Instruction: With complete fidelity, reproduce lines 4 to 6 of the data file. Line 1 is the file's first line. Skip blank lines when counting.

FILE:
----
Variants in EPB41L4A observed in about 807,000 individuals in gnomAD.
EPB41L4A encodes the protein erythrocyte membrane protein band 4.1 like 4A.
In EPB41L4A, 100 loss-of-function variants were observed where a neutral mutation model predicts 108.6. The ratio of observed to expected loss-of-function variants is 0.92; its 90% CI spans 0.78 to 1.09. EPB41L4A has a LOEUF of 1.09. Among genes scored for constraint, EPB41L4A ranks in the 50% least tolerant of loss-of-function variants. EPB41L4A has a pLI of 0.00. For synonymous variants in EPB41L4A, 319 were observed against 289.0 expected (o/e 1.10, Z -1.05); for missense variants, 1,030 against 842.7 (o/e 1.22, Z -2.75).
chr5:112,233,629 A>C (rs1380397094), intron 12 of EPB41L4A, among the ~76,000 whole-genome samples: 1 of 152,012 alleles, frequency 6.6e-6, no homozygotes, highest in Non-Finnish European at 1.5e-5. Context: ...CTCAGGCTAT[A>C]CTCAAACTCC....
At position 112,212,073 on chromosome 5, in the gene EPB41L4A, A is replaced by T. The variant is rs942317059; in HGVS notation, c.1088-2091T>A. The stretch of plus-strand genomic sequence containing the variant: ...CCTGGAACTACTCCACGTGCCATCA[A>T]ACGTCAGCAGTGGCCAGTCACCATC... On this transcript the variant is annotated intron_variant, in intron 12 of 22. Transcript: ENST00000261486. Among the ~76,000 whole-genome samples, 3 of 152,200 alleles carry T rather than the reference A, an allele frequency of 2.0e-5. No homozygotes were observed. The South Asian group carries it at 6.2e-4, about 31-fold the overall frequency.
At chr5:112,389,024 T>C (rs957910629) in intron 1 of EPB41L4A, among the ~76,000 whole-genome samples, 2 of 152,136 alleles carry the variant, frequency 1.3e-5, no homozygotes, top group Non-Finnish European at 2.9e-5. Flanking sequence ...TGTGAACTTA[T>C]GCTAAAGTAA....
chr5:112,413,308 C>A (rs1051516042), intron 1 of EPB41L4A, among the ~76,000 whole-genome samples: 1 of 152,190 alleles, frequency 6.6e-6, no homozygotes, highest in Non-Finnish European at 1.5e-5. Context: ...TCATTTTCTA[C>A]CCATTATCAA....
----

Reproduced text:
chr5:112,233,629 A>C (rs1380397094), intron 12 of EPB41L4A, among the ~76,000 whole-genome samples: 1 of 152,012 alleles, frequency 6.6e-6, no homozygotes, highest in Non-Finnish European at 1.5e-5. Context: ...CTCAGGCTAT[A>C]CTCAAACTCC....
At position 112,212,073 on chromosome 5, in the gene EPB41L4A, A is replaced by T. The variant is rs942317059; in HGVS notation, c.1088-2091T>A. The stretch of plus-strand genomic sequence containing the variant: ...CCTGGAACTACTCCACGTGCCATCA[A>T]ACGTCAGCAGTGGCCAGTCACCATC... On this transcript the variant is annotated intron_variant, in intron 12 of 22. Transcript: ENST00000261486. Among the ~76,000 whole-genome samples, 3 of 152,200 alleles carry T rather than the reference A, an allele frequency of 2.0e-5. No homozygotes were observed. The South Asian group carries it at 6.2e-4, about 31-fold the overall frequency.
At chr5:112,389,024 T>C (rs957910629) in intron 1 of EPB41L4A, among the ~76,000 whole-genome samples, 2 of 152,136 alleles carry the variant, frequency 1.3e-5, no homozygotes, top group Non-Finnish European at 2.9e-5. Flanking sequence ...TGTGAACTTA[T>C]GCTAAAGTAA....